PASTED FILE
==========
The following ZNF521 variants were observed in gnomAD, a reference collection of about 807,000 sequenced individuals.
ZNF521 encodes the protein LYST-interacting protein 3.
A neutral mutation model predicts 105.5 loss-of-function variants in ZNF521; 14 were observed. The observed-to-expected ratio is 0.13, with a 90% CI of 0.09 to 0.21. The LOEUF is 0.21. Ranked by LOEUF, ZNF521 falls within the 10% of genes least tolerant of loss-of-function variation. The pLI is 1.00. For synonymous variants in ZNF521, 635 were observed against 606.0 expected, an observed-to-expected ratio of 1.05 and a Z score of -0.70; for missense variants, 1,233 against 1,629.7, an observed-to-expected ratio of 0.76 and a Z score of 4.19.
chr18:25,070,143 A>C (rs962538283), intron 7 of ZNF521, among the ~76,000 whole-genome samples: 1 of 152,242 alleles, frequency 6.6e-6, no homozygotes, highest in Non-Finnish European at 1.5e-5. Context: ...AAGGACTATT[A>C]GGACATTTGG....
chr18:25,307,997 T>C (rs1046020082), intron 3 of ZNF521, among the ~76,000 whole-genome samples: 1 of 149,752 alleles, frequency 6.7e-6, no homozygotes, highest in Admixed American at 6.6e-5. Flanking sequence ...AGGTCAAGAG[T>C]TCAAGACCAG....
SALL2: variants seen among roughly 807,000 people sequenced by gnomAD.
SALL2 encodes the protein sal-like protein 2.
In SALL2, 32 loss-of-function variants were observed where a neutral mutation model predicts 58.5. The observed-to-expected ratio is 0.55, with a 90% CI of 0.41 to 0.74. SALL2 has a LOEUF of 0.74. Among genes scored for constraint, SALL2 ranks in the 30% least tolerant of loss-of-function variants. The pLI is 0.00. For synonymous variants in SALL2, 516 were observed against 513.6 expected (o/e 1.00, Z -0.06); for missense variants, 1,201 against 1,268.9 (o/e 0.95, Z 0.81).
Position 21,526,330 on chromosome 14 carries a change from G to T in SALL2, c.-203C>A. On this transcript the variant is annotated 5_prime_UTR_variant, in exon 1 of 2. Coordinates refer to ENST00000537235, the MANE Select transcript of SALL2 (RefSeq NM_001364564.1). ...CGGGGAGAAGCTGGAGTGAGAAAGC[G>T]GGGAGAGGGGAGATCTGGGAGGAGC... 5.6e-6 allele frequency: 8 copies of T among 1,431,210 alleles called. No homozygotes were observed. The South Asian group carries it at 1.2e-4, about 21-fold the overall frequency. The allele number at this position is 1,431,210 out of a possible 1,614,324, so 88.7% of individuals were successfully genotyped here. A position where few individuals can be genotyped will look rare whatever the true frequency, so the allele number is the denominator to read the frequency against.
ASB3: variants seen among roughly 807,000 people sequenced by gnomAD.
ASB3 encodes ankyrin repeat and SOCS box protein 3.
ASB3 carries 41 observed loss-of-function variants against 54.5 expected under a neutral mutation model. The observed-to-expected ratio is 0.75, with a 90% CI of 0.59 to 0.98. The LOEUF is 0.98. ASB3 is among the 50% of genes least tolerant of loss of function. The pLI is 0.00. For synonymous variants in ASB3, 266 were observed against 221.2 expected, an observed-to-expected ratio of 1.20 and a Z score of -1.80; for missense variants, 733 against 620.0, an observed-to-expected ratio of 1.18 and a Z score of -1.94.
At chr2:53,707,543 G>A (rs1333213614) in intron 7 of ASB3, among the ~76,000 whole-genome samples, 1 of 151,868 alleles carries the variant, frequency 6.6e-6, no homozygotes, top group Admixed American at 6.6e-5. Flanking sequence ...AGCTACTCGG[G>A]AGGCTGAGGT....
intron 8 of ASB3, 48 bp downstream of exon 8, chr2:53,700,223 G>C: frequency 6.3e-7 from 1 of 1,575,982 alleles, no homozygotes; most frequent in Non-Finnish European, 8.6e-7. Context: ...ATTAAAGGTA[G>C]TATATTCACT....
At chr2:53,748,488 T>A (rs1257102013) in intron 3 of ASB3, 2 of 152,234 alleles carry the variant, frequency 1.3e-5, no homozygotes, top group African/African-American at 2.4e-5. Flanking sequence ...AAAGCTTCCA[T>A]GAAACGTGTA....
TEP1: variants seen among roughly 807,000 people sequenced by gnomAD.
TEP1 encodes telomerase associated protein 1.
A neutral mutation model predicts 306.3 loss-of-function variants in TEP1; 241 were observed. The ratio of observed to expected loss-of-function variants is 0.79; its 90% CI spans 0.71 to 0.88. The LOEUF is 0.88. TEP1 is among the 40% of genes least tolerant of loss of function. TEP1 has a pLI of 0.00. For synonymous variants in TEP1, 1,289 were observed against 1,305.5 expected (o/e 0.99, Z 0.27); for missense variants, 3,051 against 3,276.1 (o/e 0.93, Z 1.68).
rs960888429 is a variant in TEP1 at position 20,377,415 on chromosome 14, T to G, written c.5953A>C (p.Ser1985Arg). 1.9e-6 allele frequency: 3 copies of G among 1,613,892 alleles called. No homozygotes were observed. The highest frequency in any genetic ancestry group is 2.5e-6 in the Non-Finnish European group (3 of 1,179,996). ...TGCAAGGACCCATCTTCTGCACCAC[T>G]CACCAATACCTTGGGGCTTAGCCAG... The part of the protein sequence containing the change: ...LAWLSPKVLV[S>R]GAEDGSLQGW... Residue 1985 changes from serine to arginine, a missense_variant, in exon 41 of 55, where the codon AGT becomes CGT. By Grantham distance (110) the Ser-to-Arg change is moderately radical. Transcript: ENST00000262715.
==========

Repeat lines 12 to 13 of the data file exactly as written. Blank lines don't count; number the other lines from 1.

ASB3 carries 41 observed loss-of-function variants against 54.5 expected under a neutral mutation model. The observed-to-expected ratio is 0.75, with a 90% CI of 0.59 to 0.98. The LOEUF is 0.98. ASB3 is among the 50% of genes least tolerant of loss of function. The pLI is 0.00. For synonymous variants in ASB3, 266 were observed against 221.2 expected, an observed-to-expected ratio of 1.20 and a Z score of -1.80; for missense variants, 733 against 620.0, an observed-to-expected ratio of 1.18 and a Z score of -1.94.
At chr2:53,707,543 G>A (rs1333213614) in intron 7 of ASB3, among the ~76,000 whole-genome samples, 1 of 151,868 alleles carries the variant, frequency 6.6e-6, no homozygotes, top group Admixed American at 6.6e-5. Flanking sequence ...AGCTACTCGG[G>A]AGGCTGAGGT....